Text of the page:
This 58th collection of students’ pearls of wisdom, laboriously digitised from hand-
The word ten can be pronounced as transcribed* below, in these utterances:
ten dots [ten] ten bins [tem] tens [ten] ten cots [teŋ] tenpins [tem]
Describe the pattern that you observe in the data.
A velar vowel would be followed by a velar consonant.
There is a nasal airflow [+nasal] as in the Distinctive Features matrix for all the pronunciations in the word ten.
The rule is /te_/ where the blank is the variable.
[+stop +labial] are [+voice] in word-
All the words are NP, they derive to the NP by compounding. The word class to which lexical morphemes belong is important for their ordering within complex words.
Consonants ‘b’, ‘p’ with plosive and labial sounds usually follow ‘n’ which produces the ‘m’ sound.
They are allophones of the same phoneme whereby the final position word plosives are pronouns via the place of articulation.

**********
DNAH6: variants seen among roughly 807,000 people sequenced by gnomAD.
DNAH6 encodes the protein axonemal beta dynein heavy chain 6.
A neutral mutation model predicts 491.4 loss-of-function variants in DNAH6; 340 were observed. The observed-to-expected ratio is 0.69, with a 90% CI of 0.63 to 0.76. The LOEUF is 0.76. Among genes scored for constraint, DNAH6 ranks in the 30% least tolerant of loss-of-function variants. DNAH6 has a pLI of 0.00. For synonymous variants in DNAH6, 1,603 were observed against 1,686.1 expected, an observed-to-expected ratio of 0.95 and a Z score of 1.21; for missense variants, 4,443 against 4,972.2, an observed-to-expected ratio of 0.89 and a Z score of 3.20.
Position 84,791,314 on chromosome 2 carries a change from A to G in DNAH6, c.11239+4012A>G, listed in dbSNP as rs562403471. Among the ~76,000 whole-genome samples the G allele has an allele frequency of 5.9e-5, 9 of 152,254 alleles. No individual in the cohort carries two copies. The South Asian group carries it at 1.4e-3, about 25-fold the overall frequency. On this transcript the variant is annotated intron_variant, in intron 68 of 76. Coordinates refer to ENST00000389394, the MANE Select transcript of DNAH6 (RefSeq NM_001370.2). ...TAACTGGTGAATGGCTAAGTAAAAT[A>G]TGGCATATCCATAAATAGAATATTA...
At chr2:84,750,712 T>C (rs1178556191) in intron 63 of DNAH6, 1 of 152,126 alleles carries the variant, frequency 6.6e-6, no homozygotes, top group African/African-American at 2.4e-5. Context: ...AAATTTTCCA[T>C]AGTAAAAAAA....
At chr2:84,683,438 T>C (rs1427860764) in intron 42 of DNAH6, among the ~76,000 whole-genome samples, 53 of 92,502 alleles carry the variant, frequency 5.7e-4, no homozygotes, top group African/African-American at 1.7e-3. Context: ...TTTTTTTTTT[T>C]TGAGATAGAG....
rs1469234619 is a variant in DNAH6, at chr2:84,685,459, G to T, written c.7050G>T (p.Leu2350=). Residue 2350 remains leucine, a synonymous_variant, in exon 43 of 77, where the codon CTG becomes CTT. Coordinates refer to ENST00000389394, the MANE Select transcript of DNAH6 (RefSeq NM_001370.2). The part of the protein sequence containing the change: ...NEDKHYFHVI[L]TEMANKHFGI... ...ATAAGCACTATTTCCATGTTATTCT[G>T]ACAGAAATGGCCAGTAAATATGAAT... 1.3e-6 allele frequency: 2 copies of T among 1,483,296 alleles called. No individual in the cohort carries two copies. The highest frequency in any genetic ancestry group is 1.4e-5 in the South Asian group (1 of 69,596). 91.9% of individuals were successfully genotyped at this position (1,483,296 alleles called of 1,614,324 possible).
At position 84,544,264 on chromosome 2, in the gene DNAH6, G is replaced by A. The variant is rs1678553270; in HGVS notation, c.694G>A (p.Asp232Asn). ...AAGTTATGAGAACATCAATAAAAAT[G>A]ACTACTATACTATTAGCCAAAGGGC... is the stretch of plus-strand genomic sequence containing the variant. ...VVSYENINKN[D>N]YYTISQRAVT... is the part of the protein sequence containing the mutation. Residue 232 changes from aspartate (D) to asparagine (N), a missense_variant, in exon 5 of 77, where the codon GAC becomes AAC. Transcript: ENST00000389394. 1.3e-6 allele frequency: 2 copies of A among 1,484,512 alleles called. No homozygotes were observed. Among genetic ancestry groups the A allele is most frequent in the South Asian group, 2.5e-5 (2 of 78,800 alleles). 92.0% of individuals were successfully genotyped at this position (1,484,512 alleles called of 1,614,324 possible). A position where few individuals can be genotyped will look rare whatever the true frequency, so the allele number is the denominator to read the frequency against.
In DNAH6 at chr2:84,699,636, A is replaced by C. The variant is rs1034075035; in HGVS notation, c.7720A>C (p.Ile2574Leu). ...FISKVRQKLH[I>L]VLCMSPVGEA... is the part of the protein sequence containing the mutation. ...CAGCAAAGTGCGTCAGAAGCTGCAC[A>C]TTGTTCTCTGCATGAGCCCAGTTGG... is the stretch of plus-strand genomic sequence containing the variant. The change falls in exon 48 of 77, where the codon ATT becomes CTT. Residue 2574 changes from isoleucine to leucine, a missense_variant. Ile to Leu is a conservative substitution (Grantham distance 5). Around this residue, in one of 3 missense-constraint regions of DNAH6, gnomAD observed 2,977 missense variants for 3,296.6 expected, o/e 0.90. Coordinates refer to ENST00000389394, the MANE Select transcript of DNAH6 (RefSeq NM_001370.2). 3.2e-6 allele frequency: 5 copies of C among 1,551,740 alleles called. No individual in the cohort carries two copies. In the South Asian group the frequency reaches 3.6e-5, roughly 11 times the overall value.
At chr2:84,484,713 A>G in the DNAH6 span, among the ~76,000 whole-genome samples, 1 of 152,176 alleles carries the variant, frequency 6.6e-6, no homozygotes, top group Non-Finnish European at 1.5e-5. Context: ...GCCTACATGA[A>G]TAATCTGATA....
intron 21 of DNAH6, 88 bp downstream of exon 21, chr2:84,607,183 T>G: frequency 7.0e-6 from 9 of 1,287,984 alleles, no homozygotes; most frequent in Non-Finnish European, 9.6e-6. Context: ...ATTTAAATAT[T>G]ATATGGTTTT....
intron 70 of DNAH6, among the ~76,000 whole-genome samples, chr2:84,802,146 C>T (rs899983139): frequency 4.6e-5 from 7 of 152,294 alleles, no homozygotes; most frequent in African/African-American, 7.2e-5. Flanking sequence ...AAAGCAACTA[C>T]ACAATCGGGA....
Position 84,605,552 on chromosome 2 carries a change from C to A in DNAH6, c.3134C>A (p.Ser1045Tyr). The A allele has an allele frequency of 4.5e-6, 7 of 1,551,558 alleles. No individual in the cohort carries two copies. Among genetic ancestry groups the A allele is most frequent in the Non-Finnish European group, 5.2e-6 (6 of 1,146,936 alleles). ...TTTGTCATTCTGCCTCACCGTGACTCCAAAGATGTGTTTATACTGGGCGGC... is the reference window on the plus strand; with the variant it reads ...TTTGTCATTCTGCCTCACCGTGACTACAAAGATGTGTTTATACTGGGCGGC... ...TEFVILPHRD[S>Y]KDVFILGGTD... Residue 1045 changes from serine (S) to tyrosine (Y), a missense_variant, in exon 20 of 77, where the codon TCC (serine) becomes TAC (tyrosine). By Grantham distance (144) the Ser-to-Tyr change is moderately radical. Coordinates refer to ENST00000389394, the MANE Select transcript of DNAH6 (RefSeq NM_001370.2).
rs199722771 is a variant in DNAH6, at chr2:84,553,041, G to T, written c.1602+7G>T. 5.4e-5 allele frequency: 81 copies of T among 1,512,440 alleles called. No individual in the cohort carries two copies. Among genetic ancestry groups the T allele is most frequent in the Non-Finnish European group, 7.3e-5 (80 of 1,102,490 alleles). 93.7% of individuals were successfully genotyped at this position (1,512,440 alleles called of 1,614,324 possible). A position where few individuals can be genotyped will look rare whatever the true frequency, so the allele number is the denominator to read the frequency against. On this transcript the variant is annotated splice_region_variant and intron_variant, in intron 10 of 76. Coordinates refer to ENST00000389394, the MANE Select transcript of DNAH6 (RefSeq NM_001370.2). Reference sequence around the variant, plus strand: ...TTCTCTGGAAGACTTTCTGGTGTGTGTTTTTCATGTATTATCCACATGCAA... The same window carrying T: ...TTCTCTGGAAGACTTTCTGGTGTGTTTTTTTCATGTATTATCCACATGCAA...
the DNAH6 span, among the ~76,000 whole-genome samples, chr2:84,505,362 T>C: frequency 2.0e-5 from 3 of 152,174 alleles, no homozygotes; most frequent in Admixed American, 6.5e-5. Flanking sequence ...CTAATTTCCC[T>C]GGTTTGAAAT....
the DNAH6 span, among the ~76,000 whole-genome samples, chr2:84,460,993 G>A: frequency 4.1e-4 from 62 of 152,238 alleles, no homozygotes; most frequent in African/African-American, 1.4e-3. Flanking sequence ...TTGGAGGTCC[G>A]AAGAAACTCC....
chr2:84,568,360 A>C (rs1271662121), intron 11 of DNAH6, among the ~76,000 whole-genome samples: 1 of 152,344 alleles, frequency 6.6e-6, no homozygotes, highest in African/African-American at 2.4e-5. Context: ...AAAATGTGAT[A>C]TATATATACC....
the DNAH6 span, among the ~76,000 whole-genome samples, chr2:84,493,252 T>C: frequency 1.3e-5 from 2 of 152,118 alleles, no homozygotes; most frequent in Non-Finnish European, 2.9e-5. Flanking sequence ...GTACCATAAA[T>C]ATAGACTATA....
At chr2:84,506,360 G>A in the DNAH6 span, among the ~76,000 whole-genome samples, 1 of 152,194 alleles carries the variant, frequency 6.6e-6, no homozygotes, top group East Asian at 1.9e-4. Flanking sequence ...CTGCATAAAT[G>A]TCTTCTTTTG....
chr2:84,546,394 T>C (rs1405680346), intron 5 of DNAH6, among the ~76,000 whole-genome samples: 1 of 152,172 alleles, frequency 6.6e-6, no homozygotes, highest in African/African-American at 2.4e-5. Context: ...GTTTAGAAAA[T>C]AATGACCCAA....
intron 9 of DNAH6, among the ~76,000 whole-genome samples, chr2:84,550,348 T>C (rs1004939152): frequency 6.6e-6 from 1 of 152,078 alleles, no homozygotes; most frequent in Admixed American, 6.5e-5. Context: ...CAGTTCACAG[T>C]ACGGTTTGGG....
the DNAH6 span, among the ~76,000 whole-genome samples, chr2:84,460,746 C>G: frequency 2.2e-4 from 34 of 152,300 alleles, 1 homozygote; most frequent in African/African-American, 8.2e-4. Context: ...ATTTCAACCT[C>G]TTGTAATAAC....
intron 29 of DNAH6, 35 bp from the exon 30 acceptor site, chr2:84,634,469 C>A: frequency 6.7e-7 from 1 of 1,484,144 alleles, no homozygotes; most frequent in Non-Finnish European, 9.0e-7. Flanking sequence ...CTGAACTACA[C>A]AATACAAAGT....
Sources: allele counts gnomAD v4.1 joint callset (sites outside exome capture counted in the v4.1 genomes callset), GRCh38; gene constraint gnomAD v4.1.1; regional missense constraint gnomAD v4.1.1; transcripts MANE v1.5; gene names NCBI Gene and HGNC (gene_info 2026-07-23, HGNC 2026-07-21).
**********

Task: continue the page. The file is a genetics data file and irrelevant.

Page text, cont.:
All consonants after ‘ten’ will cause the ‘n’ to be voiced.
The /m/ sound is used before [+sonorant] and the /n/ sound before [+voice].
The final ‘n’ is not articulated fully, in anticipation of ‘c’. It is not pronounced as the letter ‘n’ itself.
All five pronunciations are nasal sounds. They all begin with vowels.
The data shows that articulators are used.
The vowel is short before nasal consonants, with short utterances. The vowel ‘e’ is long before voiceless consonants.
Plosives and (bi)labial are used for the consonant b. Nasal are used for the consonant m, n, ŋ.
The last phonetic symbol of the different transcriptions always belongs under the same articulation position of the first phonetic symbol of the following word. E.g. the phonetic symbol [n] is an alveolar articulator, likened to that of [d].
More to come...
* The interested and/or confused reader may note that, as becomes apparent through the various scholarly works published from time to time in an outfit attracting international attention such as ours, our linguistic brethren across the big pond are not only separated from us by a common language, but also by a common transcription system. Thus, caveat lector
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